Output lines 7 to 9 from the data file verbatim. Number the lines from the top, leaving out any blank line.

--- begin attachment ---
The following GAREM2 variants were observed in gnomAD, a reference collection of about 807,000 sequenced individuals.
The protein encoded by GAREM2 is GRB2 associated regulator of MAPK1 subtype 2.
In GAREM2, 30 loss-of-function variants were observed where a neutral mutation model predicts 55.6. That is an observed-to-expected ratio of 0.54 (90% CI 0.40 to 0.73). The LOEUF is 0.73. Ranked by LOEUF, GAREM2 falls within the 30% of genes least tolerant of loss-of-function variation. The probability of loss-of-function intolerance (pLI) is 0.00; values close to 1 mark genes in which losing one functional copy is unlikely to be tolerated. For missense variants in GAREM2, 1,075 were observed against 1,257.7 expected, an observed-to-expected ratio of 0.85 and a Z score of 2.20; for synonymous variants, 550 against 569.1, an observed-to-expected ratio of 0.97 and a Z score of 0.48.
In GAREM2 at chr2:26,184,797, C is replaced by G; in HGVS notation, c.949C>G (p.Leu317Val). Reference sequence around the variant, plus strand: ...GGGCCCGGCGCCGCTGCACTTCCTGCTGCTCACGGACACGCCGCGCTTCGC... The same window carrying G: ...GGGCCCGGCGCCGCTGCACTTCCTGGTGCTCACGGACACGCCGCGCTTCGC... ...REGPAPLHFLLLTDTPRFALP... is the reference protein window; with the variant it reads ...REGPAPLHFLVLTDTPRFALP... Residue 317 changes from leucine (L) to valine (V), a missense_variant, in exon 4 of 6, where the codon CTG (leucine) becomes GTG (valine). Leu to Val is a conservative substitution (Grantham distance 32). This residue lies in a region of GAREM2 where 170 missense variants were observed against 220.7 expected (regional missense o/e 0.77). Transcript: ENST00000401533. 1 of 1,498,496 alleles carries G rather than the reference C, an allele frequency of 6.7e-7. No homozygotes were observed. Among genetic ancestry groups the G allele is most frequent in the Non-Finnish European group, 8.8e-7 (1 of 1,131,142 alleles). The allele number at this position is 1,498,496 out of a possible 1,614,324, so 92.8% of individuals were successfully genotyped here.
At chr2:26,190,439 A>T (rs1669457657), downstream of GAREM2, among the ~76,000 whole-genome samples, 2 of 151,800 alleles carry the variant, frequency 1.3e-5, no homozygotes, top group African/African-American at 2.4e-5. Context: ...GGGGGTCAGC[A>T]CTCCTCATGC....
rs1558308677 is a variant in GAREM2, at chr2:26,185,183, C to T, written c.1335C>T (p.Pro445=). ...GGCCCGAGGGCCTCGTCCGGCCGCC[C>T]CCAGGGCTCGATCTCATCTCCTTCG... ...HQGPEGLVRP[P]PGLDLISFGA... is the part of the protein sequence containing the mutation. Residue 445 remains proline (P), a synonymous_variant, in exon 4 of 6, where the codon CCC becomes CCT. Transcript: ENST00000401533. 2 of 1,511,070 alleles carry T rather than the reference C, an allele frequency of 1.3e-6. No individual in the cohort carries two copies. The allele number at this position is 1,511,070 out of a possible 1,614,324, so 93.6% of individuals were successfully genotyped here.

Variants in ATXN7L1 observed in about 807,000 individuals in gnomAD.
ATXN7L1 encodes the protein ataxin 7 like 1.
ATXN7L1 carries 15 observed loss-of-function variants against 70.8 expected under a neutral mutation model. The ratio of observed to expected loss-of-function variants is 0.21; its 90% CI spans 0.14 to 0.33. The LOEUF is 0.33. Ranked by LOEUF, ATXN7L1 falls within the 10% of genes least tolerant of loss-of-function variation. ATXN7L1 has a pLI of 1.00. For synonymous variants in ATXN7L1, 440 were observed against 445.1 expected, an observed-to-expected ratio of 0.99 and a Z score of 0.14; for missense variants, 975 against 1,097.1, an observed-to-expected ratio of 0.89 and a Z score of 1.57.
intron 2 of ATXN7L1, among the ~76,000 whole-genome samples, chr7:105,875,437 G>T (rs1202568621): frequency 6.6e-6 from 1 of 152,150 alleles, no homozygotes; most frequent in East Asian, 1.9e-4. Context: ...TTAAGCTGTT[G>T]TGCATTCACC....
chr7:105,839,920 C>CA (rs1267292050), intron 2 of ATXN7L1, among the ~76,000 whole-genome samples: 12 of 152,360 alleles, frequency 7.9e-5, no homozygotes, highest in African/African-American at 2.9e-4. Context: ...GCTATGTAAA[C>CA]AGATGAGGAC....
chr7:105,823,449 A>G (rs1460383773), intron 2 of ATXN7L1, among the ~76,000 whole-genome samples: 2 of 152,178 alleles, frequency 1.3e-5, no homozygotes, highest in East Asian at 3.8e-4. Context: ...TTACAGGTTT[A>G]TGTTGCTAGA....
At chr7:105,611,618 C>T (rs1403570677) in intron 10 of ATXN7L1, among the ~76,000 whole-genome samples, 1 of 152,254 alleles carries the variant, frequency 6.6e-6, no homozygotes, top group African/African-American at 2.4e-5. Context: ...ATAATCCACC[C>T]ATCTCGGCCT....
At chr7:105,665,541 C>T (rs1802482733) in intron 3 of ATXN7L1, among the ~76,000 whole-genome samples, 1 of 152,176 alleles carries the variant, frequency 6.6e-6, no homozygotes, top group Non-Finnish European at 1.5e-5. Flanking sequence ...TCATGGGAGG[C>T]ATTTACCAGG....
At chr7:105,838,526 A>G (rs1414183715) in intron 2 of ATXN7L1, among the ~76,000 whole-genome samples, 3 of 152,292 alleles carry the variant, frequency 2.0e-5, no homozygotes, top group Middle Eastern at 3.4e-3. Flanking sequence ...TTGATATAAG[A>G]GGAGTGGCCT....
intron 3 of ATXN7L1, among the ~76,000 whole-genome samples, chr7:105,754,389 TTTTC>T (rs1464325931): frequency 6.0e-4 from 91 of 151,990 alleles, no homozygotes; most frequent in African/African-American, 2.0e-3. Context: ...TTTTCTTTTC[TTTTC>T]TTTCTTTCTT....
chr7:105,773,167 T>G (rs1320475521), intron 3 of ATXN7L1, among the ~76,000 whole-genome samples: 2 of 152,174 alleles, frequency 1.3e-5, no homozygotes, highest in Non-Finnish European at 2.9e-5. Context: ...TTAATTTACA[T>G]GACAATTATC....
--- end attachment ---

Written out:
Variants in ATXN7L1 observed in about 807,000 individuals in gnomAD.
ATXN7L1 encodes the protein ataxin 7 like 1.
ATXN7L1 carries 15 observed loss-of-function variants against 70.8 expected under a neutral mutation model. The ratio of observed to expected loss-of-function variants is 0.21; its 90% CI spans 0.14 to 0.33. The LOEUF is 0.33. Ranked by LOEUF, ATXN7L1 falls within the 10% of genes least tolerant of loss-of-function variation. ATXN7L1 has a pLI of 1.00. For synonymous variants in ATXN7L1, 440 were observed against 445.1 expected, an observed-to-expected ratio of 0.99 and a Z score of 0.14; for missense variants, 975 against 1,097.1, an observed-to-expected ratio of 0.89 and a Z score of 1.57.